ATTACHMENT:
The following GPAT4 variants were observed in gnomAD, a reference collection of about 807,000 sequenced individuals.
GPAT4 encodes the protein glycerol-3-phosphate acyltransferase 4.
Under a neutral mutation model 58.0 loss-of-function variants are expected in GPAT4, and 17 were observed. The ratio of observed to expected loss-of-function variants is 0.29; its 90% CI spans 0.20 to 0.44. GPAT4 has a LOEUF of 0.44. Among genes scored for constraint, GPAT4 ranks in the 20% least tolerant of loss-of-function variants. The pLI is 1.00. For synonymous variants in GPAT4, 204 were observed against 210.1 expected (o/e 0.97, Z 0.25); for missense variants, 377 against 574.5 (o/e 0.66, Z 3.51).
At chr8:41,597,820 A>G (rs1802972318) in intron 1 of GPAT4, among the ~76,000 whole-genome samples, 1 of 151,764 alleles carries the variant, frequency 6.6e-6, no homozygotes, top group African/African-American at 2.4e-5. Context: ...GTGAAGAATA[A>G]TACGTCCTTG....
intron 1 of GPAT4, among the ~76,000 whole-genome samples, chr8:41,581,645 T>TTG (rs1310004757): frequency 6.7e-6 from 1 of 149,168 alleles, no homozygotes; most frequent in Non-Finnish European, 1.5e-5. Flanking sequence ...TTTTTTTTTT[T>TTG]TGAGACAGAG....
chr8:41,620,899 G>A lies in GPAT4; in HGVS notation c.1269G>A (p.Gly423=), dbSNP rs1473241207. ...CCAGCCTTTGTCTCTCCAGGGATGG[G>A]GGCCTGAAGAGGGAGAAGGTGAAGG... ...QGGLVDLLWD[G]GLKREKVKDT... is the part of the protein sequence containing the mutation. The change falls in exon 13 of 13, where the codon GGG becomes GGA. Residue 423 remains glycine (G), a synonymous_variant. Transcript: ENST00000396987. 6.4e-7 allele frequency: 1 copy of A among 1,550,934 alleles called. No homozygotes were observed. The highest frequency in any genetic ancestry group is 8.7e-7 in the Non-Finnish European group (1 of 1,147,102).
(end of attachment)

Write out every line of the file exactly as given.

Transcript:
The following GPAT4 variants were observed in gnomAD, a reference collection of about 807,000 sequenced individuals.
GPAT4 encodes the protein glycerol-3-phosphate acyltransferase 4.
Under a neutral mutation model 58.0 loss-of-function variants are expected in GPAT4, and 17 were observed. The ratio of observed to expected loss-of-function variants is 0.29; its 90% CI spans 0.20 to 0.44. GPAT4 has a LOEUF of 0.44. Among genes scored for constraint, GPAT4 ranks in the 20% least tolerant of loss-of-function variants. The pLI is 1.00. For synonymous variants in GPAT4, 204 were observed against 210.1 expected (o/e 0.97, Z 0.25); for missense variants, 377 against 574.5 (o/e 0.66, Z 3.51).
At chr8:41,597,820 A>G (rs1802972318) in intron 1 of GPAT4, among the ~76,000 whole-genome samples, 1 of 151,764 alleles carries the variant, frequency 6.6e-6, no homozygotes, top group African/African-American at 2.4e-5. Context: ...GTGAAGAATA[A>G]TACGTCCTTG....
intron 1 of GPAT4, among the ~76,000 whole-genome samples, chr8:41,581,645 T>TTG (rs1310004757): frequency 6.7e-6 from 1 of 149,168 alleles, no homozygotes; most frequent in Non-Finnish European, 1.5e-5. Flanking sequence ...TTTTTTTTTT[T>TTG]TGAGACAGAG....
chr8:41,620,899 G>A lies in GPAT4; in HGVS notation c.1269G>A (p.Gly423=), dbSNP rs1473241207. ...CCAGCCTTTGTCTCTCCAGGGATGG[G>A]GGCCTGAAGAGGGAGAAGGTGAAGG... ...QGGLVDLLWD[G]GLKREKVKDT... is the part of the protein sequence containing the mutation. The change falls in exon 13 of 13, where the codon GGG becomes GGA. Residue 423 remains glycine (G), a synonymous_variant. Transcript: ENST00000396987. 6.4e-7 allele frequency: 1 copy of A among 1,550,934 alleles called. No homozygotes were observed. The highest frequency in any genetic ancestry group is 8.7e-7 in the Non-Finnish European group (1 of 1,147,102).